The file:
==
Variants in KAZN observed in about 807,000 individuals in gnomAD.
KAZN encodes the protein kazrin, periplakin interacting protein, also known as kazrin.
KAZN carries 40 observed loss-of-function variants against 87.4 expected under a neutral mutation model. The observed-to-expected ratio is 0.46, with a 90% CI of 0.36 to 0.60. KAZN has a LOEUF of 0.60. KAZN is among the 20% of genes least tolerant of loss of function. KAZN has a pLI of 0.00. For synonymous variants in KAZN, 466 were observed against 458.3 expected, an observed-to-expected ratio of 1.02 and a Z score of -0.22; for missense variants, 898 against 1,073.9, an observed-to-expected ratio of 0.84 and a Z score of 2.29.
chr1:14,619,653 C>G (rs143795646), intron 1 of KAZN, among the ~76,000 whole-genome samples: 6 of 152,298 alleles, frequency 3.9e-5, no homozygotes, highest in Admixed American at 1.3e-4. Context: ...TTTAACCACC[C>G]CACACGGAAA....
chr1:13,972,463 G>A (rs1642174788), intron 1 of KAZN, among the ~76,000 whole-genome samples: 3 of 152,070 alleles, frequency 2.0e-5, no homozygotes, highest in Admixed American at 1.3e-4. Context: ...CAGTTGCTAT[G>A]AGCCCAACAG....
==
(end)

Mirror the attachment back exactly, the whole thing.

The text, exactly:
Variants in KAZN observed in about 807,000 individuals in gnomAD.
KAZN encodes the protein kazrin, periplakin interacting protein, also known as kazrin.
KAZN carries 40 observed loss-of-function variants against 87.4 expected under a neutral mutation model. The observed-to-expected ratio is 0.46, with a 90% CI of 0.36 to 0.60. KAZN has a LOEUF of 0.60. KAZN is among the 20% of genes least tolerant of loss of function. KAZN has a pLI of 0.00. For synonymous variants in KAZN, 466 were observed against 458.3 expected, an observed-to-expected ratio of 1.02 and a Z score of -0.22; for missense variants, 898 against 1,073.9, an observed-to-expected ratio of 0.84 and a Z score of 2.29.
chr1:14,619,653 C>G (rs143795646), intron 1 of KAZN, among the ~76,000 whole-genome samples: 6 of 152,298 alleles, frequency 3.9e-5, no homozygotes, highest in Admixed American at 1.3e-4. Context: ...TTTAACCACC[C>G]CACACGGAAA....
chr1:13,972,463 G>A (rs1642174788), intron 1 of KAZN, among the ~76,000 whole-genome samples: 3 of 152,070 alleles, frequency 2.0e-5, no homozygotes, highest in Admixed American at 1.3e-4. Context: ...CAGTTGCTAT[G>A]AGCCCAACAG....